Academic journal article The European Journal of Comparative Economics

Explaining Spatial Variation in Business Performance in Great Britain*

Academic journal article The European Journal of Comparative Economics

Explaining Spatial Variation in Business Performance in Great Britain*

Article excerpt


Labour productivity rates are known to vary across UK regions. Although some empirical studies seek to explain the source of these differences using aggregate, regional data we argue that this may be inappropriate because labour productivity rates are firm-specific. This paper employs cross-sectional regression analysis and British, firm-level data to identify empirically whether firm-level labour productivity rates are affected by factors that vary spatially. It focuses in particular on a measure of 'economic potential' based on a gravity-type model of economic potential. Initial estimates suggest that economic potential is important but its impact diminishes with the introduction of further explanatory variables. Nevertheless, even once interaction terms are included the effect of economic potential remains important. It suggests the clear need to take account of space in firm-level regressions.

JEL Classification: C21; R38; R58

Keywords: Productivity per Employee; Economic Potential; HM Treasury's key Drivers

1. Introduction

Issues of competitiveness and productivity at a regional level have increasingly been a focus for academic and policy concern. As Gardiner et al (2004) observe, differentials in competitiveness and productivity have been a focus for policy concern on grounds of both equity and social cohesion. Increasingly as well, the policy goal of reducing differentials, specifically by raising the competitiveness of the less buoyant regions, has been seen as a key to raising overall levels of productivity at a national or European level and closing the gap on competing territories in a global context.

Harris and Li (2005) found evidence that spatial agglomeration is associated with a higher probability of exporting which is in turn linked to higher productivity. Work by Boddy et al. (2005) also started to explore the effects of 'peripherality' as a measure of spatial factors that might impact on productivity and found that peripherality accounted for a significant proportion of the productivity gap between the regions and countries of Great Britain, having already taken into account factors including capital stock, skills, foreign ownership and a range of other variables.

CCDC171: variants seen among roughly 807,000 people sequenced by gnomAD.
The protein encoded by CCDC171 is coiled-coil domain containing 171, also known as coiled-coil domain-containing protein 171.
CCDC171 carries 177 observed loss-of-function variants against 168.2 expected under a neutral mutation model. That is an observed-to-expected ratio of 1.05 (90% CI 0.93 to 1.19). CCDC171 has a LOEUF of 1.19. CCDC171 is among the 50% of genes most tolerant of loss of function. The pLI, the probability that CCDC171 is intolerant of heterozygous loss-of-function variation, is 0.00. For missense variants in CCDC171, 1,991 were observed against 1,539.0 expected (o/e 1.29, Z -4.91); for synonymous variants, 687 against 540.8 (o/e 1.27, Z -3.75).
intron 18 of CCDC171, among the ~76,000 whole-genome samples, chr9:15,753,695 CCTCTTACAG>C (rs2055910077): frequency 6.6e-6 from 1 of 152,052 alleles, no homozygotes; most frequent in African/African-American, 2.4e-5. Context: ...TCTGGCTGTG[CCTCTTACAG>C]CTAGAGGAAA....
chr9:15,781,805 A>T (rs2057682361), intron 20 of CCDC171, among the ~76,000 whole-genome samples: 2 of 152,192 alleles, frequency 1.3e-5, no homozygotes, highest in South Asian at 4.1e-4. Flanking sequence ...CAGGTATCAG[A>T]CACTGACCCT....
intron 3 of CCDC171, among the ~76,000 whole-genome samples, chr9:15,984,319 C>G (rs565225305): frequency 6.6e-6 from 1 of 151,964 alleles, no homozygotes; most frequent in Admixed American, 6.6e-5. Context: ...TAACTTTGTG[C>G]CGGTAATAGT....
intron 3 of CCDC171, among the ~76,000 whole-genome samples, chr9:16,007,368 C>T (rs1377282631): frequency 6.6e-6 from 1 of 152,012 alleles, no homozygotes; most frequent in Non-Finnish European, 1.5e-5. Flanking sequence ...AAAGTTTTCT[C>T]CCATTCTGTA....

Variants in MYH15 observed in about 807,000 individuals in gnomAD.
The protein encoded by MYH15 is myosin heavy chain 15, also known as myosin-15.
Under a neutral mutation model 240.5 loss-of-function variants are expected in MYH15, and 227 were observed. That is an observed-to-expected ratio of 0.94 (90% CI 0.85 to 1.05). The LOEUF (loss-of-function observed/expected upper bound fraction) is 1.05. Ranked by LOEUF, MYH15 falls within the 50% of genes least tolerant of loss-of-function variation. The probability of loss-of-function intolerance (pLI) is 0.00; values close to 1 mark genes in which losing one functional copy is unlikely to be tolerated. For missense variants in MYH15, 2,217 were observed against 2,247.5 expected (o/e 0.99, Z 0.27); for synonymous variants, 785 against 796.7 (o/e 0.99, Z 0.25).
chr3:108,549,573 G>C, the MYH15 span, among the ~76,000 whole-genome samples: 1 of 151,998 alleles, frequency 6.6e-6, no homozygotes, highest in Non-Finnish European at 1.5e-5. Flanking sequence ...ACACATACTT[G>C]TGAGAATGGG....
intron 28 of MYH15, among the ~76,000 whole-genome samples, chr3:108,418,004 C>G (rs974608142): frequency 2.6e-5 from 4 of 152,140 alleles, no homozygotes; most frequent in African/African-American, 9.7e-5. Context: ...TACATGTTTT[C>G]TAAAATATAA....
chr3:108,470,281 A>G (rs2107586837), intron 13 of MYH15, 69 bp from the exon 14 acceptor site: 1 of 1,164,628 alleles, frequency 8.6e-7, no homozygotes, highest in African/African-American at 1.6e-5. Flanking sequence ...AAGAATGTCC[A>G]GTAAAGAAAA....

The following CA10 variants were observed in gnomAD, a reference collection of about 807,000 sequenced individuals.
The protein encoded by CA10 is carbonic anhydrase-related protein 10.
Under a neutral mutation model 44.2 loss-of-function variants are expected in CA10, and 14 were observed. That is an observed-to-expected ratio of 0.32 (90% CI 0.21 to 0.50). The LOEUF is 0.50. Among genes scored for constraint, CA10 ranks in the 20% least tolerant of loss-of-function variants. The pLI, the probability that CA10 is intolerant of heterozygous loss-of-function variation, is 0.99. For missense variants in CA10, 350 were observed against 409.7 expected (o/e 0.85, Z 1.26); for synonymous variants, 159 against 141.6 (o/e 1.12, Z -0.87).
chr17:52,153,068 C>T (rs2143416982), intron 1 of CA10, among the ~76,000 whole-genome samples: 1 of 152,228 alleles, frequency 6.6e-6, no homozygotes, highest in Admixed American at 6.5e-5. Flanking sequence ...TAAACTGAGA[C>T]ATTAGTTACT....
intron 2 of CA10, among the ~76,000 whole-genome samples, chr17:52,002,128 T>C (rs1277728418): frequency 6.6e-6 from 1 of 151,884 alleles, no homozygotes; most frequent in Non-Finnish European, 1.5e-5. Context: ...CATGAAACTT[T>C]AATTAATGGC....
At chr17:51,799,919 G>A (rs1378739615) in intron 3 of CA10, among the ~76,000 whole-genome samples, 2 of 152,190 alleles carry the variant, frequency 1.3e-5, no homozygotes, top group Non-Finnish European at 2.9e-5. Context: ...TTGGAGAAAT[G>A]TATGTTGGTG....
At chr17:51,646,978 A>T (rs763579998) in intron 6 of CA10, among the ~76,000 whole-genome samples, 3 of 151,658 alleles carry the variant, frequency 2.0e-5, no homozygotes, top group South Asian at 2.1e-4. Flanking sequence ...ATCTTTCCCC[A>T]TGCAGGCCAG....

This paper seeks to extend this analysis of spatial factors by building a measure of economic potential based on a gravity-type model into an establishment-level analysis of productivity across Great Britain. We then seek to identify whether this variable is an important factor in determining the labour productivity of plants across Great Britain using cross-sectional regression analysis. Our results suggest that the importance of this economic potential is overstated as it is correlated with several other contributory factors; nevertheless it remains important even after other factors have been taken into account.

The rest of this paper is structured in the following way. The next section presents a review of the literature which is followed in Section 3 by the model specification. Details of the data used in the econometric part of this study are presented in Section 4. The results are presented in Section 5. Conclusions are presented in Section 6.

2. Survey of the theoretical and empirical literature

In the UK, the government has specifically emphasized the importance of the regional dimension to its central economic objectives (HM Treasury, 2001; HM Treasury, 2004; Department of Trade and Industry, 2004)1:

The government's central economic objective is to achieve high and stable levels of growth and employment. Improving the economic performance of every country and region of the UK is an essential element of that objective, firstly for reasons of equity, but also because unfulfilled economic potential in every region must be released to meet the overall challenge of increasing the UK's long-term growth rate (HM Treasury, 2001, v)

It notes the 'significant and persistent differences in economic performance between and within the UK regions' and goes on to argue that:

This is why any regional economic policy must be focused on raising the performance of the weakest regions rather than simply redistributing existing economic activity. …

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